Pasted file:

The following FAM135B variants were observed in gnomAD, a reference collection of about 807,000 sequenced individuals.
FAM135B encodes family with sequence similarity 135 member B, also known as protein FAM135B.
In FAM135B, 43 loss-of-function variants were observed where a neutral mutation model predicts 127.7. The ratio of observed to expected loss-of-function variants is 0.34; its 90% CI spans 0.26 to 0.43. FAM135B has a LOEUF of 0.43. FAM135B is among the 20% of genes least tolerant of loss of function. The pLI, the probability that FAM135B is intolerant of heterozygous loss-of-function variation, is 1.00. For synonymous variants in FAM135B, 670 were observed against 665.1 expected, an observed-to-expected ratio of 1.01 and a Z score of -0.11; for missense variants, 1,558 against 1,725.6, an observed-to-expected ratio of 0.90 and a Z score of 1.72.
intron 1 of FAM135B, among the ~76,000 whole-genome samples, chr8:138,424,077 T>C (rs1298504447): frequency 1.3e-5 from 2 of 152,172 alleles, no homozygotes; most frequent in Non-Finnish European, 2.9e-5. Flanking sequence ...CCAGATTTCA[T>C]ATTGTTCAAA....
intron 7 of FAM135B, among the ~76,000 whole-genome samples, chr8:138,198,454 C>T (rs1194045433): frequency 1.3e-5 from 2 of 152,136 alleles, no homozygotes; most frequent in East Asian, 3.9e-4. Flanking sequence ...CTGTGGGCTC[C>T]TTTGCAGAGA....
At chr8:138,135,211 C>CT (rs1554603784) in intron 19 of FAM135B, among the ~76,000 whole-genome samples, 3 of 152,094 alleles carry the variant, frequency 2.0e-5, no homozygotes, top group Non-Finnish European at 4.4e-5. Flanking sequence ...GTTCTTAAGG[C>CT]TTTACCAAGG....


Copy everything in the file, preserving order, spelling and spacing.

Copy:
The following FAM135B variants were observed in gnomAD, a reference collection of about 807,000 sequenced individuals.
FAM135B encodes family with sequence similarity 135 member B, also known as protein FAM135B.
In FAM135B, 43 loss-of-function variants were observed where a neutral mutation model predicts 127.7. The ratio of observed to expected loss-of-function variants is 0.34; its 90% CI spans 0.26 to 0.43. FAM135B has a LOEUF of 0.43. FAM135B is among the 20% of genes least tolerant of loss of function. The pLI, the probability that FAM135B is intolerant of heterozygous loss-of-function variation, is 1.00. For synonymous variants in FAM135B, 670 were observed against 665.1 expected, an observed-to-expected ratio of 1.01 and a Z score of -0.11; for missense variants, 1,558 against 1,725.6, an observed-to-expected ratio of 0.90 and a Z score of 1.72.
intron 1 of FAM135B, among the ~76,000 whole-genome samples, chr8:138,424,077 T>C (rs1298504447): frequency 1.3e-5 from 2 of 152,172 alleles, no homozygotes; most frequent in Non-Finnish European, 2.9e-5. Flanking sequence ...CCAGATTTCA[T>C]ATTGTTCAAA....
intron 7 of FAM135B, among the ~76,000 whole-genome samples, chr8:138,198,454 C>T (rs1194045433): frequency 1.3e-5 from 2 of 152,136 alleles, no homozygotes; most frequent in East Asian, 3.9e-4. Flanking sequence ...CTGTGGGCTC[C>T]TTTGCAGAGA....
At chr8:138,135,211 C>CT (rs1554603784) in intron 19 of FAM135B, among the ~76,000 whole-genome samples, 3 of 152,094 alleles carry the variant, frequency 2.0e-5, no homozygotes, top group Non-Finnish European at 4.4e-5. Flanking sequence ...GTTCTTAAGG[C>CT]TTTACCAAGG....